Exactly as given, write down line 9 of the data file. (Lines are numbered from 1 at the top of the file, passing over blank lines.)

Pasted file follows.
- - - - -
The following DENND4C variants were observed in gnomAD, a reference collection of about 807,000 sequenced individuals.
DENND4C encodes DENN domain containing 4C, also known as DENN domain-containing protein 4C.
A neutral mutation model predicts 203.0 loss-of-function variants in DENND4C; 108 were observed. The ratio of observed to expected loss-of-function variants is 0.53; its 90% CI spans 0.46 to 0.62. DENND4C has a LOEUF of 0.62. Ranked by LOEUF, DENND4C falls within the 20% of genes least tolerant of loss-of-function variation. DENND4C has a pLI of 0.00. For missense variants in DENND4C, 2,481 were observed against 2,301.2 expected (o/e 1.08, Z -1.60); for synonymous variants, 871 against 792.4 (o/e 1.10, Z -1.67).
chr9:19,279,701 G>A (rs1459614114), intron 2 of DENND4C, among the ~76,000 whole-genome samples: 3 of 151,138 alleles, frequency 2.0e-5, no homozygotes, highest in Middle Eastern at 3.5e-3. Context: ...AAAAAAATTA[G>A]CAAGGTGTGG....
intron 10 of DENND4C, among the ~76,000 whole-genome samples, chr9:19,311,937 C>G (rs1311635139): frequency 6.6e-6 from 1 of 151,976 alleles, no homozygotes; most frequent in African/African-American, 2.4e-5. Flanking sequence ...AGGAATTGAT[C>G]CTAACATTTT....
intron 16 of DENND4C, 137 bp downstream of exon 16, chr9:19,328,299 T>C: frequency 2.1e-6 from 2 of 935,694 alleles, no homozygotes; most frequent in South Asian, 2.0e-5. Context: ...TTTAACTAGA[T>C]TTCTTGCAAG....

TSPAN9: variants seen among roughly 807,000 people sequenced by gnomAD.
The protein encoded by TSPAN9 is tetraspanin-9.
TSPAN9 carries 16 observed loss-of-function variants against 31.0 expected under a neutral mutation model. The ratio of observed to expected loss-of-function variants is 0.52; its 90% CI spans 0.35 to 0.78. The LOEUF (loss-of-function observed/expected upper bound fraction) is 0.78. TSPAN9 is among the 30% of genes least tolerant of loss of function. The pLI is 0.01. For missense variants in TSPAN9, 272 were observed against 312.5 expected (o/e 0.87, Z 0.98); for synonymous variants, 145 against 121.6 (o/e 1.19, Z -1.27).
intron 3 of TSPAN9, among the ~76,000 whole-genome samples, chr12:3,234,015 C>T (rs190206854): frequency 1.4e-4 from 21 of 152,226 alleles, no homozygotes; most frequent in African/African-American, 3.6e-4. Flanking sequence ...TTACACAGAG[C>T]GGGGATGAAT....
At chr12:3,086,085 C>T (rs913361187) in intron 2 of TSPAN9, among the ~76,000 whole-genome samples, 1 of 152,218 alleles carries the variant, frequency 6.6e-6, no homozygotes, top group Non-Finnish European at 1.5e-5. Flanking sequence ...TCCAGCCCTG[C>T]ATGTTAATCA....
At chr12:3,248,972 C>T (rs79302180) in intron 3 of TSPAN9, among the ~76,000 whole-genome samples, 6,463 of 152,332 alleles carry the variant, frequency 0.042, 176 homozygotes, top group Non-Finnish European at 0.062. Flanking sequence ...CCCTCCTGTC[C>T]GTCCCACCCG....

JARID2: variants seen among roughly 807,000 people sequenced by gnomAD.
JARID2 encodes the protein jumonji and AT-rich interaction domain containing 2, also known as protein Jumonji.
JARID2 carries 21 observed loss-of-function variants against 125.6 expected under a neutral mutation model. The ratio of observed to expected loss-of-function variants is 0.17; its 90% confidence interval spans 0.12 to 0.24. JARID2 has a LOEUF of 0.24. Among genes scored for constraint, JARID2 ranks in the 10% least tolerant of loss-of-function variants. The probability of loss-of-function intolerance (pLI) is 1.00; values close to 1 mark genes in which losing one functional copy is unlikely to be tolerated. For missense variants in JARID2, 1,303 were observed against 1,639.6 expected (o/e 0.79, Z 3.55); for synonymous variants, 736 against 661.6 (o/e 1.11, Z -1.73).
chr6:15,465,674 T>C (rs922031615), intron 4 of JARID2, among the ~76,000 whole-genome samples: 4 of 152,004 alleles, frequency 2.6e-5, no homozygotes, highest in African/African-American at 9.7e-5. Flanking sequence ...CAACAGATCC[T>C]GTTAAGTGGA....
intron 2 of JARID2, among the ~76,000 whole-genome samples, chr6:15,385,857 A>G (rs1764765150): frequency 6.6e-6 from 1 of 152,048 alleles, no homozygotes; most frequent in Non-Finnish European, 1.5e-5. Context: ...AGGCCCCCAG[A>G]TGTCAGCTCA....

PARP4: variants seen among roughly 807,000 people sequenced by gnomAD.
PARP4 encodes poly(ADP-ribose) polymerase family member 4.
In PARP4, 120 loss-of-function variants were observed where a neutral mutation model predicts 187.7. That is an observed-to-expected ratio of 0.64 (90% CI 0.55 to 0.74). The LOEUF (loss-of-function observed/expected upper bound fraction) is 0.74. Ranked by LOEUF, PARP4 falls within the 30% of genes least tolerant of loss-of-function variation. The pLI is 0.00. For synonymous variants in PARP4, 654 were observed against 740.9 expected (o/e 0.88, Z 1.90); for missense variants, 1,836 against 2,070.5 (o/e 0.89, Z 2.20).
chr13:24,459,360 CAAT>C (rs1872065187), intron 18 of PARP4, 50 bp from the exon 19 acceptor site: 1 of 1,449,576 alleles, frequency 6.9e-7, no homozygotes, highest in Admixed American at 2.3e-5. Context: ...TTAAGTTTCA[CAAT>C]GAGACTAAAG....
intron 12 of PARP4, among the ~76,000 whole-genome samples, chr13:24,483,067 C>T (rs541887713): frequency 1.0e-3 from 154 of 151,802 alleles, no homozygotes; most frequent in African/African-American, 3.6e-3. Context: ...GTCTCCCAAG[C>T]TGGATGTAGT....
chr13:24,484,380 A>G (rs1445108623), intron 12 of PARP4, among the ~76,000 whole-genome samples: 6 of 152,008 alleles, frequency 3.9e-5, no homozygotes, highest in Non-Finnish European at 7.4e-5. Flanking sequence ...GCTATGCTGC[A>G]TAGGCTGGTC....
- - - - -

TSPAN9 carries 16 observed loss-of-function variants against 31.0 expected under a neutral mutation model. The ratio of observed to expected loss-of-function variants is 0.52; its 90% CI spans 0.35 to 0.78. The LOEUF (loss-of-function observed/expected upper bound fraction) is 0.78. TSPAN9 is among the 30% of genes least tolerant of loss of function. The pLI is 0.01. For missense variants in TSPAN9, 272 were observed against 312.5 expected (o/e 0.87, Z 0.98); for synonymous variants, 145 against 121.6 (o/e 1.19, Z -1.27).